MORGANTOWN, W.Va. — There’s a bowl game wedged between now and the offseason Shelton Gibson expects to define him. And if one didn’t know better, one might think the receiver is more excited about the winter weightroom workouts and behind-the-scenes pass-catching sessions than he is about playing on ESPN on Jan. 2.
“I’m going to have to do way more offseason work than I’ve done before,” admitted Gibson, who leads West Virginia receivers in yards (744) and touchdowns (eight) by a wide margin, but blames himself for the margin between a decent season and one that’s elite.
More than the 33 catches he made, Gibson fixates on the big plays he didn’t. He quickly lists two downfield opportunities against Oklahoma State, another at Baylor, a dropped bomb at TCU and the self-criticism could’ve continued.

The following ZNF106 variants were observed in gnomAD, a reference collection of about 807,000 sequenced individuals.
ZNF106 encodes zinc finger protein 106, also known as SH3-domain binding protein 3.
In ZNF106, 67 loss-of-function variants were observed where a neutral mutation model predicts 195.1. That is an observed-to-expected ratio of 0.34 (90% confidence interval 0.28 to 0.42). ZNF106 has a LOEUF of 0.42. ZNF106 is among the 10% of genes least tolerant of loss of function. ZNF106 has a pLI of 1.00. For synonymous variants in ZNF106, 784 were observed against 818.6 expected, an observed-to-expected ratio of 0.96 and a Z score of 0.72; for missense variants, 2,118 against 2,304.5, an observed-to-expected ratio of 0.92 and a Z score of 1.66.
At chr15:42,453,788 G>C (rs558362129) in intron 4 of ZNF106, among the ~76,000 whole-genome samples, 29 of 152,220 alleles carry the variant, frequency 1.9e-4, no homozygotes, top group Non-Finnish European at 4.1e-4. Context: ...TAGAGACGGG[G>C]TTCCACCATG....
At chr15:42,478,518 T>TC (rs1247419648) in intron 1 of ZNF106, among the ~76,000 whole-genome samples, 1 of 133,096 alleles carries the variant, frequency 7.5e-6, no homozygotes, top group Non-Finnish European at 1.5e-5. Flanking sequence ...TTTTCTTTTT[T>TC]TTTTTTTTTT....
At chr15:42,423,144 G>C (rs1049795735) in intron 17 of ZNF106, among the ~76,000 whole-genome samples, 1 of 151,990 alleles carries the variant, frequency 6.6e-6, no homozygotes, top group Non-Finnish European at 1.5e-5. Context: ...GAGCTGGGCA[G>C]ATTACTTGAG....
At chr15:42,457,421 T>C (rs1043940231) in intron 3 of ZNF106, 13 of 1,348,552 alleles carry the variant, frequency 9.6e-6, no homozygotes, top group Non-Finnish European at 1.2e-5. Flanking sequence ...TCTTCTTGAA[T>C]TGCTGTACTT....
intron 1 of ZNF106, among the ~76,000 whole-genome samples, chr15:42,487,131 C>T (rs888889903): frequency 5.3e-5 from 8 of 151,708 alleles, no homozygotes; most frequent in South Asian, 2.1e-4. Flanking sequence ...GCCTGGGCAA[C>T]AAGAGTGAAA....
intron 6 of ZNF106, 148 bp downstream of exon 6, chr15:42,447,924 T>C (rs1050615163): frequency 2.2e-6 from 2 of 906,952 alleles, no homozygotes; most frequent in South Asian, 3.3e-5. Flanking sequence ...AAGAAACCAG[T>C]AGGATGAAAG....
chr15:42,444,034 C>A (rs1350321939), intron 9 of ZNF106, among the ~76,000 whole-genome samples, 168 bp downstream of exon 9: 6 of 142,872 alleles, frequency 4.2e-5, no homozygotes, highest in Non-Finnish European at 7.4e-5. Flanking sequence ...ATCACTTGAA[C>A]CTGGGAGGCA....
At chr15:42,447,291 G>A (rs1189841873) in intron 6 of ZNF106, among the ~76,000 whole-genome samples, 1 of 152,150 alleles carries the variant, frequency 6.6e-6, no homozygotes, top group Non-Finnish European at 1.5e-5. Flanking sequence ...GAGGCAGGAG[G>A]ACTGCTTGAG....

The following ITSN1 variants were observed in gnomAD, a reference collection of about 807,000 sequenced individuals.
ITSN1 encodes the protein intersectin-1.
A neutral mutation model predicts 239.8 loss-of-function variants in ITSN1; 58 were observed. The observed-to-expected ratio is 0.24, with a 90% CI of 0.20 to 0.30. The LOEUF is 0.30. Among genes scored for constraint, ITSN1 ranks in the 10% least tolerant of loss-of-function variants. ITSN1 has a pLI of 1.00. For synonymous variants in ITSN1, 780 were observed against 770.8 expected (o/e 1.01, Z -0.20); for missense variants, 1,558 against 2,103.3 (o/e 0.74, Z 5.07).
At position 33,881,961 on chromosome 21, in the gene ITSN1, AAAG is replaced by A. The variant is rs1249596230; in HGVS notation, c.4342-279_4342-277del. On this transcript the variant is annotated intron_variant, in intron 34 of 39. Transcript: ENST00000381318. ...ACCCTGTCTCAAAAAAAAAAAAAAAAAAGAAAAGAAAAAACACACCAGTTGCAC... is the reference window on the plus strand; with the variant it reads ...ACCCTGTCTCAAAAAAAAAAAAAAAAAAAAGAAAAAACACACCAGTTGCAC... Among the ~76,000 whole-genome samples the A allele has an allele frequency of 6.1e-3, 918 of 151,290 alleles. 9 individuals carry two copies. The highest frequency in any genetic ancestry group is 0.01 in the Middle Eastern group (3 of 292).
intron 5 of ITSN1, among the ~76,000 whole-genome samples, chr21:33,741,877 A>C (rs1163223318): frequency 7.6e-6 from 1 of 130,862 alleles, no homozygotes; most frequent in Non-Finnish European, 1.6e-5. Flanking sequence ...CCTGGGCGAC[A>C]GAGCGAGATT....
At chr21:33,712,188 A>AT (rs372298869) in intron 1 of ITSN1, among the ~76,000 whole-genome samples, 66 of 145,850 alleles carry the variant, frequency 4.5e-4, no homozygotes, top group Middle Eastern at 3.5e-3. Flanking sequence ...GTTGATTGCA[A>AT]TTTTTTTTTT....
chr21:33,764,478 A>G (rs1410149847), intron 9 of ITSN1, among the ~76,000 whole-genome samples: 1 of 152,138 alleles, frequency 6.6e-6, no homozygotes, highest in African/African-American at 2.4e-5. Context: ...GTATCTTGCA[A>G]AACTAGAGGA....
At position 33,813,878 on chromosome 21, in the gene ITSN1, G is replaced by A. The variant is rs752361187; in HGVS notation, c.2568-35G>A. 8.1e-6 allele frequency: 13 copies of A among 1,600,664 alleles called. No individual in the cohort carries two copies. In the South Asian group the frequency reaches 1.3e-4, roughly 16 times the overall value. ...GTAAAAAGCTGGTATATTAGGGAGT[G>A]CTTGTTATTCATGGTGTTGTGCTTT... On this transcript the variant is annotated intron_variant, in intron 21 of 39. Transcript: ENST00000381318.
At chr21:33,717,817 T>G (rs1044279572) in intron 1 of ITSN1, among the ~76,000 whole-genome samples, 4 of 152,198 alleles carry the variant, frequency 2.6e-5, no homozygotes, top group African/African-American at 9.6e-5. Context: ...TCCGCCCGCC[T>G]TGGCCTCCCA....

“I know that I messed up this year so I’ve got to take responsibility,” he said. “Playmakers have got to make plays, so that’s on me.”
During the second half of the regular season, Gibson became marginalized. Outside of a six-catch 148-yard day against Iowa State, his combined output in five games against TCU, Texas Tech, Texas, Kansas and K-State was only four catches for 56 yards.
“I didn’t prepare last offseason like I should have so that I could go out there and finish like I should have,” he said.
Given the instability of West Virginia’s pass game, nearly every receiver in the rotation endured spikes and droughts. Yet Gibson rarely factored on possession downs. Of West Virginia’s 209 third- and fourth-down attempts this season, he made catches on only eight.
His proposed remedy? Devoting work to intermediate routes by catching passes from whatever quarterback is available and the Jugs machine when a live arm isn’t around. Those hours and reps are meant to mimic the commitment displayed by the likes of former pack leaders Will Clark, Kevin White and Karl Joseph.
Gibson is no longer content to merely marvel at team leaders. “I should be the one doing the same thing.”